What “Weeds” Do You Have In Your Back Yard?

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The other day, in Do The Next Thing, I touched on using local “weeds” for medicinal purposes. I found a great article about  Creeping Charlie written by Connie Korstens that goes into detail on that very subject!

Many people hate the sight of Creeping Charlie (Glechoma hederacea) will do anything to try to eradicate it. It is often considered an invasive weed that runs amok. But when I see this low growing plant with kidney-shaped leaves and beautiful, funnel-shaped, bluish-violet flowers in the spring, it makes me think of all the amazing medicinal uses it has.

European settlers intentionally brought Creeping Charlie to America for its culinary and medicinal uses. A member of the mint family, the herb forms long trailing stems that create a dense mat over the ground. Another common name for this plant is Ground Ivy.

Historically, it has a rich background and was even used in beer making as a clarifying agent to improve flavor before hops were used. It was also used by painters as a remedy for lead colic. Mostly, it was used as a tonic. Since Creeping Charlie is extremely rich in vitamin C, it was often made into a tea and used to prevent scurvy.

Parts used: Flowers, stems, leaves.

Medicinal Uses: Both Internal and external.

*Soothes inflamed mucous membranes

*Sinusitis

*used for inner and middle ear remedy

*tinnitus (ringing in the ears

*kidney and lung disorder

*head colds, especially with congestion in ear tubes

*bronchitis and viral pneumonia

*cough remedy

*bladder infections

*indigestion

*may be useful for heavy metal detoxification (lead, mercury, aluminum)

*traditional cancer remedy

*Externally used as a wash or poultice for sores, cuts, bruises and ear or nasal infections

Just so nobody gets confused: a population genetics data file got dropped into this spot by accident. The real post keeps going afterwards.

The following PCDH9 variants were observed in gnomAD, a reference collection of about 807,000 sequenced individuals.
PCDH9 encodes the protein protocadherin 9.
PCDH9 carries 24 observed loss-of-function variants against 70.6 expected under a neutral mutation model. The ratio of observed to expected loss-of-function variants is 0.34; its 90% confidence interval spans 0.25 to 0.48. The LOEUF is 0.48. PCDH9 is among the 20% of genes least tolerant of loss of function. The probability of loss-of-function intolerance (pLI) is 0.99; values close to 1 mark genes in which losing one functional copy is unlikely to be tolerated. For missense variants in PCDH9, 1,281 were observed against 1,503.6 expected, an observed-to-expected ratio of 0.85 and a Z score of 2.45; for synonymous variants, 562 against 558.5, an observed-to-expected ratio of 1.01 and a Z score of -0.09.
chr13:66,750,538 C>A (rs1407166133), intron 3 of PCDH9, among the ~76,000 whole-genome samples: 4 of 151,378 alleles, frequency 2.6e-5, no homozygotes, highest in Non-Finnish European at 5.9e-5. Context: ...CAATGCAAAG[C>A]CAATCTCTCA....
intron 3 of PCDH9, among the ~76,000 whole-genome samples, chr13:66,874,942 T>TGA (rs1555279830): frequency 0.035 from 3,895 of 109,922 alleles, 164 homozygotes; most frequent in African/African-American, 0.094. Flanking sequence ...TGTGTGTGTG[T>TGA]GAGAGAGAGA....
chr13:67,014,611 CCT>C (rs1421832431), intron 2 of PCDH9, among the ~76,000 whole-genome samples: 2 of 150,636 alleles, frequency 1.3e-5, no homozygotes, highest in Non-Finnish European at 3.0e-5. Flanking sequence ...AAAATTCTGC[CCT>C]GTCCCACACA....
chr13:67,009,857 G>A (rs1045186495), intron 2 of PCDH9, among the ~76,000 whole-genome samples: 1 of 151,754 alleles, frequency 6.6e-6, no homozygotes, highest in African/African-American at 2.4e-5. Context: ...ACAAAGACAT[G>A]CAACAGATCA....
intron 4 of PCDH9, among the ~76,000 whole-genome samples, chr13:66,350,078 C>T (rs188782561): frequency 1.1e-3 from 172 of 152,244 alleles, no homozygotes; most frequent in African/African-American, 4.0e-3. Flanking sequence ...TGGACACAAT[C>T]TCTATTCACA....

*Systems Supported: Kidney, bladder, respiratory, lymphatic, and digestive.

*Plant Preparations: Infusion (tea), tincture, poultice.

*Minerals/Vitamins: Iron, copper, iodine, phosphorus, potassium. Rich in Vitamin C.

*Herbal Actions: Anti-catarrhal – Anti-inflammatory – Antiviral – Astringent – Diaphoretic – Diuretic – Expectorant

RECIPE: Creeping Charlie Tea.

Because this plant runs so rampant, one way to embrace and use Creeping Charlie is to make an herbal infusion. It has a pleasantly subtle mint-like flavor.

Infusions are a great way to build health. Just think of them as a gentle tonic for the body. Tonic herbs are beneficial to the body and they can either increase or decrease the activity of a system, as needed. Some tonic herbs have an overall affect on several bodily systems, while others address a narrow range of processes. Herbal teas are easy to prepare and nurturing to sip.

How To Make It…

Pick enough plant material to loosely fill a quart jar. Thoroughly wash the Creeping Charlie. Place the plant material in a quart jar. Fill to top with boiling water. Cover jar and steep for one hour. Remove plant material and drink either hot or cold. Optional: Add lemon or lime slices with a sprig of fresh mint

Reading this article re energizes me to gain some more knowledge on my back yard “weeds”! When our older children were younger, I often dug up dandy lion roots or clipped other leaves and flowers for medicinal teas. It is all right there, free for the taking! I went out side this morning and collected some of this lovely plant, and I am making this tea as I type!!

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What “weeds” do you have in your back yard? Identify them on the internet, or buy a book on the subject. I am right here, learning along, and becoming holistically healthier with you:-)

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